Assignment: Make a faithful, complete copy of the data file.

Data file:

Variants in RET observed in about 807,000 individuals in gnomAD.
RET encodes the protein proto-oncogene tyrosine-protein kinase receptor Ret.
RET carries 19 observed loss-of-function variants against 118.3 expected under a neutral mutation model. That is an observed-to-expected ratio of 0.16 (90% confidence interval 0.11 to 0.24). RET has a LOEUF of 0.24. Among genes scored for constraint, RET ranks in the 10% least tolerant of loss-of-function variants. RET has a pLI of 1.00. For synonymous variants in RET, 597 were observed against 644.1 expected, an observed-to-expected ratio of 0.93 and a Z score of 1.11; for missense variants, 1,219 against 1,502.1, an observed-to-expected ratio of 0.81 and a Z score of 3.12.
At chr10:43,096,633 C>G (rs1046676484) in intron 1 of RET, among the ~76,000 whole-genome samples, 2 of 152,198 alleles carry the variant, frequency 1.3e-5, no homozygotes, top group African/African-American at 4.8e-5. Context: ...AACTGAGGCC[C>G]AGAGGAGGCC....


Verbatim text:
Variants in RET observed in about 807,000 individuals in gnomAD.
RET encodes the protein proto-oncogene tyrosine-protein kinase receptor Ret.
RET carries 19 observed loss-of-function variants against 118.3 expected under a neutral mutation model. That is an observed-to-expected ratio of 0.16 (90% confidence interval 0.11 to 0.24). RET has a LOEUF of 0.24. Among genes scored for constraint, RET ranks in the 10% least tolerant of loss-of-function variants. RET has a pLI of 1.00. For synonymous variants in RET, 597 were observed against 644.1 expected, an observed-to-expected ratio of 0.93 and a Z score of 1.11; for missense variants, 1,219 against 1,502.1, an observed-to-expected ratio of 0.81 and a Z score of 3.12.
At chr10:43,096,633 C>G (rs1046676484) in intron 1 of RET, among the ~76,000 whole-genome samples, 2 of 152,198 alleles carry the variant, frequency 1.3e-5, no homozygotes, top group African/African-American at 4.8e-5. Context: ...AACTGAGGCC[C>G]AGAGGAGGCC....